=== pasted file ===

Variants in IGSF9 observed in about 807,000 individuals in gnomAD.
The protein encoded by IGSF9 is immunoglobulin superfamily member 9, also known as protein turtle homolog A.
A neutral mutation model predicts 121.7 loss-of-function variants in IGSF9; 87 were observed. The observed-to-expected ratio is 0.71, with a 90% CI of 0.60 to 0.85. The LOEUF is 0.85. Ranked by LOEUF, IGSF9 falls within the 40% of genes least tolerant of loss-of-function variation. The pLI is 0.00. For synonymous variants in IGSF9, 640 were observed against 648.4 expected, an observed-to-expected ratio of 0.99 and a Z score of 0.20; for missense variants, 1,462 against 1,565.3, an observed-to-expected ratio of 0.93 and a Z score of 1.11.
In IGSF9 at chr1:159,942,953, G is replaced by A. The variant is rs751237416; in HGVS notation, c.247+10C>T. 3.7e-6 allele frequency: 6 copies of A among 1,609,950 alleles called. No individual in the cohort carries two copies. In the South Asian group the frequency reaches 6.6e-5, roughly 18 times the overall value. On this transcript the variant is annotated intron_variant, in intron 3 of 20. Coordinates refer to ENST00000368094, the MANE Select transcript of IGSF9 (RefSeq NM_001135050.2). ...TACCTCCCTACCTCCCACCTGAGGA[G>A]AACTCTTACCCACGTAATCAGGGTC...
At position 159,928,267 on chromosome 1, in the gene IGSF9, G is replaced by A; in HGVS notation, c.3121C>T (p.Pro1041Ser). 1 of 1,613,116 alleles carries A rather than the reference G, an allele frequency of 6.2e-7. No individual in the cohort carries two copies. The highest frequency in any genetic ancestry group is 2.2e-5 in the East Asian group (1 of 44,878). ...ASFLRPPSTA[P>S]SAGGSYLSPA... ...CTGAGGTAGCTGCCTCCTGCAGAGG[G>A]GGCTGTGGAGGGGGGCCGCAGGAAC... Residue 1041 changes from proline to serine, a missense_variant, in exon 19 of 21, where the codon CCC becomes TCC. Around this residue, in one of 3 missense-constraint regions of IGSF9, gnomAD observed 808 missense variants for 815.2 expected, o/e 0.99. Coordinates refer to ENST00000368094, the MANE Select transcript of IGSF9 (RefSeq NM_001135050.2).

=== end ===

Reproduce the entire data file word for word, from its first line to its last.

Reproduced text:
Variants in IGSF9 observed in about 807,000 individuals in gnomAD.
The protein encoded by IGSF9 is immunoglobulin superfamily member 9, also known as protein turtle homolog A.
A neutral mutation model predicts 121.7 loss-of-function variants in IGSF9; 87 were observed. The observed-to-expected ratio is 0.71, with a 90% CI of 0.60 to 0.85. The LOEUF is 0.85. Ranked by LOEUF, IGSF9 falls within the 40% of genes least tolerant of loss-of-function variation. The pLI is 0.00. For synonymous variants in IGSF9, 640 were observed against 648.4 expected, an observed-to-expected ratio of 0.99 and a Z score of 0.20; for missense variants, 1,462 against 1,565.3, an observed-to-expected ratio of 0.93 and a Z score of 1.11.
In IGSF9 at chr1:159,942,953, G is replaced by A. The variant is rs751237416; in HGVS notation, c.247+10C>T. 3.7e-6 allele frequency: 6 copies of A among 1,609,950 alleles called. No individual in the cohort carries two copies. In the South Asian group the frequency reaches 6.6e-5, roughly 18 times the overall value. On this transcript the variant is annotated intron_variant, in intron 3 of 20. Coordinates refer to ENST00000368094, the MANE Select transcript of IGSF9 (RefSeq NM_001135050.2). ...TACCTCCCTACCTCCCACCTGAGGA[G>A]AACTCTTACCCACGTAATCAGGGTC...
At position 159,928,267 on chromosome 1, in the gene IGSF9, G is replaced by A; in HGVS notation, c.3121C>T (p.Pro1041Ser). 1 of 1,613,116 alleles carries A rather than the reference G, an allele frequency of 6.2e-7. No individual in the cohort carries two copies. The highest frequency in any genetic ancestry group is 2.2e-5 in the East Asian group (1 of 44,878). ...ASFLRPPSTA[P>S]SAGGSYLSPA... ...CTGAGGTAGCTGCCTCCTGCAGAGG[G>A]GGCTGTGGAGGGGGGCCGCAGGAAC... Residue 1041 changes from proline to serine, a missense_variant, in exon 19 of 21, where the codon CCC becomes TCC. Around this residue, in one of 3 missense-constraint regions of IGSF9, gnomAD observed 808 missense variants for 815.2 expected, o/e 0.99. Coordinates refer to ENST00000368094, the MANE Select transcript of IGSF9 (RefSeq NM_001135050.2).